Choose Chicago, the marketing organization for the city of Chicago, came to the Institute of Design to create a vision of the future. Choose Chicago operates in several ways: as a visitor information center, a website, and a planner for large events such as the NFL Draft. The problem was that Choose Chicago was loosing state and city funding and thus was closing down it's visitor information center. So the question was, "How do we create a great experience for visitors without a visitor information center?"
We worked on this project with continuous feedback from leaders of Choose Chicago. Each week we would present our research and findings to the group or do participatory workshops to help the team understand Choose Chicago's perspectives on the problem. Involving the internal stakeholders from the beginning was extremely important. From them we were able to uncover orthodoxies, limitations of the organization, and white spaces for innovation.
Research and Analysis
In our research and analysis, we talked to locals, tourists, employees at the VIC, and internal stakeholders. What we found was that there was no replacement for human-to-human contact. This human-to-human contact created trust and personalized experiences. Visitors to the center would say that they felt comfortable speaking with tour guides or employees at the VIC because they knew that they would get real advice from somebody they trusted. In the realm of persuasive design, this kind of contact plays on social proof, liking, authority, limited choice, and tunneling (to name a few).
Unfortunately, with the VIC closing, we had to manufacture this trust in other ways. With this in mind, we created experience maps and personas to understand the ambitions, anxieties, attitudes, and actions of visitors. This helped us gain empathy for our users. We were then able to better know where there were "bright spots" and where the current experience was lacking.
I find that personas are misused fairly frequently as a means to an end. What should be gleaned from personas are patterns and meaningful stories.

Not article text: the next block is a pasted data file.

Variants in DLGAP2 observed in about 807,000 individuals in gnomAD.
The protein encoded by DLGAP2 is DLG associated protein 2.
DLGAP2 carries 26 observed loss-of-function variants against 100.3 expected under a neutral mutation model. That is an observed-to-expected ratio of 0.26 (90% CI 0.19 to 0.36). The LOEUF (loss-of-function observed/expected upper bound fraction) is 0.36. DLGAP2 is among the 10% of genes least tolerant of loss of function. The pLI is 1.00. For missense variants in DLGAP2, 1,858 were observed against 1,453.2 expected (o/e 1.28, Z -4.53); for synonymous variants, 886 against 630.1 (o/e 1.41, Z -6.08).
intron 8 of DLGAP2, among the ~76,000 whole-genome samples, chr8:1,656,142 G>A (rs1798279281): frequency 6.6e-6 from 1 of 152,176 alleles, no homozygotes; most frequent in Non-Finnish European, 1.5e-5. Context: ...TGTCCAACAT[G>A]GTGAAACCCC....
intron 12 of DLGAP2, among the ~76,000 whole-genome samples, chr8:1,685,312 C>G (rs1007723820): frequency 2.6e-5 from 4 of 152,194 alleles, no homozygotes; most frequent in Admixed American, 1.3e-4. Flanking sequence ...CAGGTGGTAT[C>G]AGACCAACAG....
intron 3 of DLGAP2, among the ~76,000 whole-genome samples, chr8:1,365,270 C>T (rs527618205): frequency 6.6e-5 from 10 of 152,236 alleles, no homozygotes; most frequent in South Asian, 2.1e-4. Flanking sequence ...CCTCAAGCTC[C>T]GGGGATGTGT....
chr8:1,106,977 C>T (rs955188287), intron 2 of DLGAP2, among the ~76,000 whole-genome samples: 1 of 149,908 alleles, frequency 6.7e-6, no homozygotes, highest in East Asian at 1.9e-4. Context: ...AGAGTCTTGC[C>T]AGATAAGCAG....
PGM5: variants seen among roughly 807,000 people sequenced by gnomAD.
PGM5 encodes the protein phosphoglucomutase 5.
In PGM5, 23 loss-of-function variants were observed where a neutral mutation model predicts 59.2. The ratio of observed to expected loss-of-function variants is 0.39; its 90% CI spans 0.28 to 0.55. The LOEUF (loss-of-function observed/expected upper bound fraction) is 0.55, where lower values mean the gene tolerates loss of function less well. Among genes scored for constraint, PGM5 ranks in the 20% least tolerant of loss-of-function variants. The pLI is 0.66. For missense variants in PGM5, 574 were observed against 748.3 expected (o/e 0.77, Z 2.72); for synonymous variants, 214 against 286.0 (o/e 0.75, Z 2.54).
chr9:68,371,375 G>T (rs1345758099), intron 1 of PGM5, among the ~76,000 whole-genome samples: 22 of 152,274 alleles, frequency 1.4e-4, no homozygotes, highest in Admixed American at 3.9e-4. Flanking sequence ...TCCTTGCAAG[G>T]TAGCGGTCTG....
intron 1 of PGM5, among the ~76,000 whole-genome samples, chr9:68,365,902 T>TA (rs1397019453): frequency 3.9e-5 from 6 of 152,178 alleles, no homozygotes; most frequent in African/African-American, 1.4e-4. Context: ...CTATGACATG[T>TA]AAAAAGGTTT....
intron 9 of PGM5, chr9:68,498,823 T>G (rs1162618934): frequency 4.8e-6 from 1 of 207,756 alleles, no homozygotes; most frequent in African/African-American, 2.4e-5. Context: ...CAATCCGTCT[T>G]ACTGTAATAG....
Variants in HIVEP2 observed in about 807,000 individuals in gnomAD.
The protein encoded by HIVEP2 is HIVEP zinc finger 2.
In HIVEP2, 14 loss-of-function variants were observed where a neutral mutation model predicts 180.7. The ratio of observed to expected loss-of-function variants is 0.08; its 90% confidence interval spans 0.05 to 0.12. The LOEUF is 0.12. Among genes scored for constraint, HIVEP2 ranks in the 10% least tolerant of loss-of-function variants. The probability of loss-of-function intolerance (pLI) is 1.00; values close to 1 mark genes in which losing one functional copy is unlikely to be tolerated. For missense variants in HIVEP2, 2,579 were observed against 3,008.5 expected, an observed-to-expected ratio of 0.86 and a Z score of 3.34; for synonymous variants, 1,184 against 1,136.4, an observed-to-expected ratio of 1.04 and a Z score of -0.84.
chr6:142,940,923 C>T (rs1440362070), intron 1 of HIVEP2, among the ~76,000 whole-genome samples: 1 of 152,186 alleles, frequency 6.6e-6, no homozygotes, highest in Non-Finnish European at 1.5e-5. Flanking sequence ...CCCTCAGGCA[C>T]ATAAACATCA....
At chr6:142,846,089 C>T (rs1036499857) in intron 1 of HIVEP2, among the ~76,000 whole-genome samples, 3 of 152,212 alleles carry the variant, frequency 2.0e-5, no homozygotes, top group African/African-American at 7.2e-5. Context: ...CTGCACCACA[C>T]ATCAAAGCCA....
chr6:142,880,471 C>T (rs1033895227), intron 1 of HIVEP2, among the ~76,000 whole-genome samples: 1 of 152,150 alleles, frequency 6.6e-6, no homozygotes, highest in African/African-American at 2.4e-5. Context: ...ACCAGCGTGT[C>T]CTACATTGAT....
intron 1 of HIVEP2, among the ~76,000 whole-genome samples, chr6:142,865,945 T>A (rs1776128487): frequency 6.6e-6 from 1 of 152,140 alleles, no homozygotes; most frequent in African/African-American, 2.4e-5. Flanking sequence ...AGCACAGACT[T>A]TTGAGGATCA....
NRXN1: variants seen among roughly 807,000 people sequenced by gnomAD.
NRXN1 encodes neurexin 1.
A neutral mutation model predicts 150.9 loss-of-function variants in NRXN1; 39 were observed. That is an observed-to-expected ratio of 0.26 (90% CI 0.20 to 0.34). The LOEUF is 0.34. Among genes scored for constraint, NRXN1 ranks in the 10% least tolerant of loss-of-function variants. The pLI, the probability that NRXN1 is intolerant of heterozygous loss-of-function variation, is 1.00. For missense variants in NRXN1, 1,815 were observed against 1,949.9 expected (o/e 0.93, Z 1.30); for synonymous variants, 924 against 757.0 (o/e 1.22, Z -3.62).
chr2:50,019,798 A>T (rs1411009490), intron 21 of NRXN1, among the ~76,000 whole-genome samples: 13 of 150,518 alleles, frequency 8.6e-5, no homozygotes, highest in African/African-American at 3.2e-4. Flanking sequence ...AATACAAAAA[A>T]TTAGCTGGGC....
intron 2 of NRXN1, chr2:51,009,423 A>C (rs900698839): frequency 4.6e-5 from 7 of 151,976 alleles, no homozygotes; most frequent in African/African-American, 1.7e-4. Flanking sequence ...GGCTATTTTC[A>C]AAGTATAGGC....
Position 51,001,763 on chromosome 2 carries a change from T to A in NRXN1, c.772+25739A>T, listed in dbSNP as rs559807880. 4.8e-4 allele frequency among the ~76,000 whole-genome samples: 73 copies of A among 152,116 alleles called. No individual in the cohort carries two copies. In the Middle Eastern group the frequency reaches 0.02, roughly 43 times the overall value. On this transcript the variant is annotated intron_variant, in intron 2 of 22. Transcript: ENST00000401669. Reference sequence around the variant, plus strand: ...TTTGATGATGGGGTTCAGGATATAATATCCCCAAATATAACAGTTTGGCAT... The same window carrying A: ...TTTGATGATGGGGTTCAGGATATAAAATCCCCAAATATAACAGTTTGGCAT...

If understanding users is one piece of the puzzle, understanding the systems and capabilities behind the scenes are another. We mapped out value webs and entity capability maps to understand where value stood to be created and who might be able to provide this value.
We created design criteria to better create meaningful ideas:
- The solution must allow for flexible access.
- The technology should be simple to use with user interactions going only three to four levels deep.
- The solution must target locals and tourists.
- The interaction should utilize the existing person to person concierge service.
- The solution must not require a one-use app.
- The startup costs must be low enough to generate sign-on with government officials.
- Upkeep costs must be minimal both in terms of monetary and human capital.
- The solution must enable Choose Chicago to collect information and metrics so that the city may better know how to serve its visitors.
- The solution must generate revenue for the city and this revenue should be able to be easily tracked to the solution.
- The interaction should encourage people to become either passive or active evangelists for the city.
Our final solution took what we knew was great about the VIC and married it with already existing infrastructure around the city and available partners. We knew that users were weary about downloading one-time, location-specific apps. Additionally, there were issues around competition as people already use Yelp, Trip Advisor, etc. and a city-run platform would not be able to compete.
We decided to focus on partnerships and utilize bus stops located around the city so that we could create a sort of "exploded VIC" where the human-to-human aspect that would be possible in a visitor center could be possible anywhere. In creating immersive experiences, we could differentiate from already existing technologies and offer greater value to users beyond the simple pamphlet.
Not only can this solution be possible anywhere in Chicago, but it could be used as a marketing tool in other cities.